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10 Famous Writers Who Don't Use Modern Tech to Create


10 Famous Writers Who Don t Use Modern Tech to Create

1. Quentin TarantinoThe famed director, who writes his own screenplays, pens his masterpieces with actual pens.

"My ritual is, I never use a typewriter or computer. I just write it all by hand. It’s a ceremony. I go to a stationery store and buy a notebook -- and I don’t buy like 10. I just buy one and then fill it up. Then I buy a bunch of red felt pens and a bunch of black ones, and I’m like, ‘These are the pens I’m going to write Grindhouse with,'" he said in an interview with Reuters.

10 Famous Writers Who Don t Use Modern Tech to Create

Game of Thrones fans might not know why it takes George R. R. Martin so long to write his books, but maybe this fact will help: He writes everything on an old word processor.

The famed sci-fi writer shared the tidbit in a 2011 post on his LiveJournal account.

Source: http://mashable.com/2014/02/15/modern-wr...

Stashed in: Creativity, Focus!, Game of Thrones!, Awesome, Stories, Hollywood, Feedback, books, Mashable!, Writing!, Quentin Tarantino, @nealstephenson, Notebooks!

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neal stephenson also writes longhand with pen...another thousand-page author

That's... Crazy. The pen is such an inefficient tool!

It's not just the pen, it's the page and the act of writing.

"A blank computer screen makes me want to throw up," explains Niven Govinden. "It's not conducive to good writing. The physicality of longhand pleases me. I can revise as I work in a way that doesn't happen on a laptop. There's a greater sense of space when using a pen.* A lined notebook is less judgmental. But most importantly, I write in a more economical way. I think harder about one good sentence following another, which for me is all that matters."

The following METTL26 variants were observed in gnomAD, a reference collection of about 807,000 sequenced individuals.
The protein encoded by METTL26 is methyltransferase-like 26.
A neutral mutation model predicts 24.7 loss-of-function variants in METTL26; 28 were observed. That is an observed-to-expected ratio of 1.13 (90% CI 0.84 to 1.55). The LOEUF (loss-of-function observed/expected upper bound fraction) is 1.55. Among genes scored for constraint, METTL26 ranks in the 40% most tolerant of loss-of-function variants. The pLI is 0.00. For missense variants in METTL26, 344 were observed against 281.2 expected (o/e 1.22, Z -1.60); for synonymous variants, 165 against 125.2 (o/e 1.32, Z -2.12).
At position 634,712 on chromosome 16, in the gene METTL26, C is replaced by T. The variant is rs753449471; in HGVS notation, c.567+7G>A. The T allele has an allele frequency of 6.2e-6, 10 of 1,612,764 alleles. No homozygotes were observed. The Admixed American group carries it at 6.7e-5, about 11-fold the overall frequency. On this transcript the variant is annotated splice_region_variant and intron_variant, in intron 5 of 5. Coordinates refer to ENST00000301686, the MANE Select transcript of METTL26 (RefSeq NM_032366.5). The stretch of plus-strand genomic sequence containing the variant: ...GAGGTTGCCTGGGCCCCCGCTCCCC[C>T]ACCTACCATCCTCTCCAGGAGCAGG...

In longhand, the hand moves freely across the page in a way no amount of computer jiggery-pokery can muster. I think the economy of writing longhand is to do with its pace. Which is something Alex Preston has found out.

"I think each writer, and each novel, has an inherent pace," he says. "It's important to find a tool that matches the pace of the writing. I composed my first book in a computerised blur; for the second, I wanted to be more scrupulous, more thoughtful. This is the pace of longhand. Writing with the fetish objects – the Uni-ball pen, the Rhodia notebooks –and watching the imprint of pen on page reminds us that writing is a craft. If everything is done on keyboards and fibre-optic wires, we may as well be writing shopping lists or investment reports."

http://www.theguardian.com/books/2011/nov/03/creative-writing-better-pen-longhand

* Brought to mind this stashed link from long ago, wrt spatial relationship:

"In contrast, most screens, e-readers, smartphones and tablets interfere with intuitive navigation of a text and inhibit people from mapping the journey in their minds."

http://pandawhale.com/post/19355/how-ebooks-hinder-the-topography-of-text-that-our-brains-seek-in-the-act-of-reading

Writing is craft. The reminder of that is a feedback loop that makes the artist more creative and focused. 

If writing with pen is a craft, what is typing on a keyboard?

the same. I did like the pace comment. 

Typing on a keyboard is more science than art, Semil. 

Gadgetry is the playground of the engineers, not the artists. 

Trent Reznor would disagree with you, Adam.

Haha. So would Daft Punk!

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